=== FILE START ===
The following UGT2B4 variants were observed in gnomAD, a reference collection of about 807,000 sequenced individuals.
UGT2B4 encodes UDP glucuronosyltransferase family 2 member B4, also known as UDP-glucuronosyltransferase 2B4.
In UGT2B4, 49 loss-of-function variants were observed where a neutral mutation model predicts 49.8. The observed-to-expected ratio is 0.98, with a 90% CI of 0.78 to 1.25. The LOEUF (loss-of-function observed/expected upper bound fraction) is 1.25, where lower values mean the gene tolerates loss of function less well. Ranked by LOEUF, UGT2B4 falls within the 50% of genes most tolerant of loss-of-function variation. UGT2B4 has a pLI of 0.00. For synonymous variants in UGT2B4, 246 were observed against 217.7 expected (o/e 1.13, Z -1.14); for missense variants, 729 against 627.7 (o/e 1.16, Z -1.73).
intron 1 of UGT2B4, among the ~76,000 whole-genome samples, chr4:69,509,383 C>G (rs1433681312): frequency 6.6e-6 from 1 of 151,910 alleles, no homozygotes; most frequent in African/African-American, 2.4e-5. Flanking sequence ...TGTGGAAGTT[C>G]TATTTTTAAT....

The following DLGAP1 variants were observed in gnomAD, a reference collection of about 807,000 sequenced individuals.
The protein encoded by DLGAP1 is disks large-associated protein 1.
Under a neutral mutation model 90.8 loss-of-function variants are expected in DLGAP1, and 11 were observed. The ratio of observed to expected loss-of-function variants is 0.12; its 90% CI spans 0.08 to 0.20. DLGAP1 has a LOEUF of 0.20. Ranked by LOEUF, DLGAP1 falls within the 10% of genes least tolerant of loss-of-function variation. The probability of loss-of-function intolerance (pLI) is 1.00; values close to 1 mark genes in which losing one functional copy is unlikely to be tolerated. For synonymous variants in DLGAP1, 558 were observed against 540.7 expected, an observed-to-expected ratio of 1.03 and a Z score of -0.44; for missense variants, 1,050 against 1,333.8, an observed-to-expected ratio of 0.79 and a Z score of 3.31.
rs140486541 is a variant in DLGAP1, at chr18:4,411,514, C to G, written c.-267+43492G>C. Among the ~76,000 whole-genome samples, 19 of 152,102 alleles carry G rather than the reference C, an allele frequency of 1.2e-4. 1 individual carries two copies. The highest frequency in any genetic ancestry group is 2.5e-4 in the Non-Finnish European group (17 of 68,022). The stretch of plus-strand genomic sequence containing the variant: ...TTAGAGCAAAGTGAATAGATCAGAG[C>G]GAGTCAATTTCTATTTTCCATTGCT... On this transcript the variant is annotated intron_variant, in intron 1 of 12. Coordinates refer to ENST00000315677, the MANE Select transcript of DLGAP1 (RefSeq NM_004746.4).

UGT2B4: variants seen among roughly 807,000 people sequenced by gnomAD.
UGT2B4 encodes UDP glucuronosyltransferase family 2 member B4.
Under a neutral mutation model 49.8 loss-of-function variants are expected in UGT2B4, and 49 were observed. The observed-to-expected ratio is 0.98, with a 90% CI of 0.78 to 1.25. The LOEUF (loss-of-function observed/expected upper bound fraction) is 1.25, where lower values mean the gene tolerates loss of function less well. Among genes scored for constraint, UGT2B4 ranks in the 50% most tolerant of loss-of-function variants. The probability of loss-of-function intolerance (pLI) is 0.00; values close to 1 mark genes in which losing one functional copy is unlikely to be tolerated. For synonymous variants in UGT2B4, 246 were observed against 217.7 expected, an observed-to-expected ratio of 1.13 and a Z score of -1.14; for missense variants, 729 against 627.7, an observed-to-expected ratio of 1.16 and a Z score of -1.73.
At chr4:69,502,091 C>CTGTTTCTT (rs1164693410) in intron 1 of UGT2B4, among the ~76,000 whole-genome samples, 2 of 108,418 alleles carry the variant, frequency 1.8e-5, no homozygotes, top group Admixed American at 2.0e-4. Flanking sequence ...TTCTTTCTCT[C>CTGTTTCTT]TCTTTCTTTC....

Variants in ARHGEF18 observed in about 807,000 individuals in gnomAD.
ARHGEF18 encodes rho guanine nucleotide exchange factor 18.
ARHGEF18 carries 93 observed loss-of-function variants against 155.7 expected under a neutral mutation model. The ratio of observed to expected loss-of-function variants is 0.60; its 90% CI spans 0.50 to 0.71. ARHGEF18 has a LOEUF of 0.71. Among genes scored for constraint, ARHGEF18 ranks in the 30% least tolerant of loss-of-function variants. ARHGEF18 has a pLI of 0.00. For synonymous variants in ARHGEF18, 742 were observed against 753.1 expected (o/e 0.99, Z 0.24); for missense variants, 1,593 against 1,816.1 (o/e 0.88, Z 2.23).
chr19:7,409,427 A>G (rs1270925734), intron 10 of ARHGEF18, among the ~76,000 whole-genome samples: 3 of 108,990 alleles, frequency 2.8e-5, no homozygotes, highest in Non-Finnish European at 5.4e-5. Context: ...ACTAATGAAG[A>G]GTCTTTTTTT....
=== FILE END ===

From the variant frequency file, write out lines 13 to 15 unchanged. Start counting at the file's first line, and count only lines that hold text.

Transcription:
Variants in ARHGEF18 observed in about 807,000 individuals in gnomAD.
ARHGEF18 encodes rho guanine nucleotide exchange factor 18.
ARHGEF18 carries 93 observed loss-of-function variants against 155.7 expected under a neutral mutation model. The ratio of observed to expected loss-of-function variants is 0.60; its 90% CI spans 0.50 to 0.71. ARHGEF18 has a LOEUF of 0.71. Among genes scored for constraint, ARHGEF18 ranks in the 30% least tolerant of loss-of-function variants. ARHGEF18 has a pLI of 0.00. For synonymous variants in ARHGEF18, 742 were observed against 753.1 expected (o/e 0.99, Z 0.24); for missense variants, 1,593 against 1,816.1 (o/e 0.88, Z 2.23).